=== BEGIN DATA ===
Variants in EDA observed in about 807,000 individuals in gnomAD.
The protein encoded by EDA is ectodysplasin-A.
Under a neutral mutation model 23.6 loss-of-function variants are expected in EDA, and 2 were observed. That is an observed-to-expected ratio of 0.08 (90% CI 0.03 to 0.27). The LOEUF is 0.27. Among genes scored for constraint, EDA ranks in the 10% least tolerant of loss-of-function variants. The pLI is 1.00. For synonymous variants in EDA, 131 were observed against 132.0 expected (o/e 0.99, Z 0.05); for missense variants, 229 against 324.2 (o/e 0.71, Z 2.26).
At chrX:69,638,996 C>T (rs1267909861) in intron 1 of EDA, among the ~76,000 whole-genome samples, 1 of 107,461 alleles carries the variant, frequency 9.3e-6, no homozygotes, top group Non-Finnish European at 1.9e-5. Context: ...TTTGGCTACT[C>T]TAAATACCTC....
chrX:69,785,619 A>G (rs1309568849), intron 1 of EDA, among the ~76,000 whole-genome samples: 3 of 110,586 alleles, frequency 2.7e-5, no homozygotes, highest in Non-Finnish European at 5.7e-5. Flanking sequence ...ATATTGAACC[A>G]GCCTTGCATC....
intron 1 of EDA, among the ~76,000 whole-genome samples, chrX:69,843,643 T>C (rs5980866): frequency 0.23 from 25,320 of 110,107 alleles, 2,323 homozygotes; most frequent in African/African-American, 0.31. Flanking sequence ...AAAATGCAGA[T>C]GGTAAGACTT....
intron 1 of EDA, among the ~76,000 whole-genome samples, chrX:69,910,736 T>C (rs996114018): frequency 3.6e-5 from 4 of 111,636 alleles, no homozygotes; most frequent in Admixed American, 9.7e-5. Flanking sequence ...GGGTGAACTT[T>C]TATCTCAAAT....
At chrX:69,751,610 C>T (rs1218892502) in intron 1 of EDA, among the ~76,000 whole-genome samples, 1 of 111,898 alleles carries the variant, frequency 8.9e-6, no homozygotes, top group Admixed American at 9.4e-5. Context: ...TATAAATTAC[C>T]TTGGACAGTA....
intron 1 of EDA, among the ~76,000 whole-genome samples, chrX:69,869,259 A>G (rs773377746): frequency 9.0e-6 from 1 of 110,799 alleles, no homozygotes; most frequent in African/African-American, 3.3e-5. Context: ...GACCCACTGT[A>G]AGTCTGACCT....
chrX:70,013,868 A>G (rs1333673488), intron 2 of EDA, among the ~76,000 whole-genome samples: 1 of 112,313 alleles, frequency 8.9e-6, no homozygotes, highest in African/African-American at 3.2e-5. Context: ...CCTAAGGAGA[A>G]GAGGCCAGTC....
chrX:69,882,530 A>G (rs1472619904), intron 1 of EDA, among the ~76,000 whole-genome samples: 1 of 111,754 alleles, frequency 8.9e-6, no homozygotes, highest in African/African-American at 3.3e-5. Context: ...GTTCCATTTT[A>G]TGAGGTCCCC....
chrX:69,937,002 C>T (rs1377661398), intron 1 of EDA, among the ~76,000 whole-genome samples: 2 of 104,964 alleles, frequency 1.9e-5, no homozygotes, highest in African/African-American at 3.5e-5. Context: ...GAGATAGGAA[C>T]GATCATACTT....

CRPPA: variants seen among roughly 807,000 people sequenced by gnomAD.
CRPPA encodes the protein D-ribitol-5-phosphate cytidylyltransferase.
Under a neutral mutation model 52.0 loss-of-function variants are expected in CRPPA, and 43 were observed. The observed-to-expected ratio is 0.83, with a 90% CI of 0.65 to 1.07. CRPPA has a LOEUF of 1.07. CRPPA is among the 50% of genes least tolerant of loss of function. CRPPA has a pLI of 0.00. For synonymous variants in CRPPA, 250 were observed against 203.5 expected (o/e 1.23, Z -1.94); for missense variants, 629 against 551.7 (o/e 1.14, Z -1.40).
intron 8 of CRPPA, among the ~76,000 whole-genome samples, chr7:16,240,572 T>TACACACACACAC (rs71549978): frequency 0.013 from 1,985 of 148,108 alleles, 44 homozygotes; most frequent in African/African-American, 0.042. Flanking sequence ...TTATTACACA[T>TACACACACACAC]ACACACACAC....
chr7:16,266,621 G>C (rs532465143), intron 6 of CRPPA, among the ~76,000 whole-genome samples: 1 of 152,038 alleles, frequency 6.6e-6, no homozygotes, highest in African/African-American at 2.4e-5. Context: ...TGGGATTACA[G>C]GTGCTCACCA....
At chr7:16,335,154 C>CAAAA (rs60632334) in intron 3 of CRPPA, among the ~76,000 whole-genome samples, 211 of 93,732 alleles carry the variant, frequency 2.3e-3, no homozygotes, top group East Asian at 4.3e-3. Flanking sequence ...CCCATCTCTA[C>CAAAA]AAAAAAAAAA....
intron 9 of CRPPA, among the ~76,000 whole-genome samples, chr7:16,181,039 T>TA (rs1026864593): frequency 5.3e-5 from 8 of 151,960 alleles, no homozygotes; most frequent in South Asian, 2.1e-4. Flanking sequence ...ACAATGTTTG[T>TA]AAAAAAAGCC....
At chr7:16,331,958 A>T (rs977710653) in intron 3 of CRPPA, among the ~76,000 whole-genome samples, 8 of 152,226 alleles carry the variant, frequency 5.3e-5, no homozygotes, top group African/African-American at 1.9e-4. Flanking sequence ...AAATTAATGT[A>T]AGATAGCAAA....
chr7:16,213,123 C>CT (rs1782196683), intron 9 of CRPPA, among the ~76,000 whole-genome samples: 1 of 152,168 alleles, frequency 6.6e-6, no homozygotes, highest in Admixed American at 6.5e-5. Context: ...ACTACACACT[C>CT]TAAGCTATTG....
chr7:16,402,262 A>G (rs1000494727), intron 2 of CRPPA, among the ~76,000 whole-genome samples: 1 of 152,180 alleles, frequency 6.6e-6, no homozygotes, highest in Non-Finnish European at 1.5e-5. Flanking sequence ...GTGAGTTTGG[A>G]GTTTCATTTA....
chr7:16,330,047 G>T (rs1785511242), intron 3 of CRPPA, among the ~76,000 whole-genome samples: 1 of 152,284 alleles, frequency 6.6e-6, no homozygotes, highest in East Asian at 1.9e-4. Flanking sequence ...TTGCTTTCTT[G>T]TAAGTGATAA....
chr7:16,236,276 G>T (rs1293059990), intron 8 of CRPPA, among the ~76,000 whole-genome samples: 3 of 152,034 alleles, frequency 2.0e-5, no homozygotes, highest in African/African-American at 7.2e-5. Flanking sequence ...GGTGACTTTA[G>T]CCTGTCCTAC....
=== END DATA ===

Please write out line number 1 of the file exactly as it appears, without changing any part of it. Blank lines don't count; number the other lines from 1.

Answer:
Variants in EDA observed in about 807,000 individuals in gnomAD.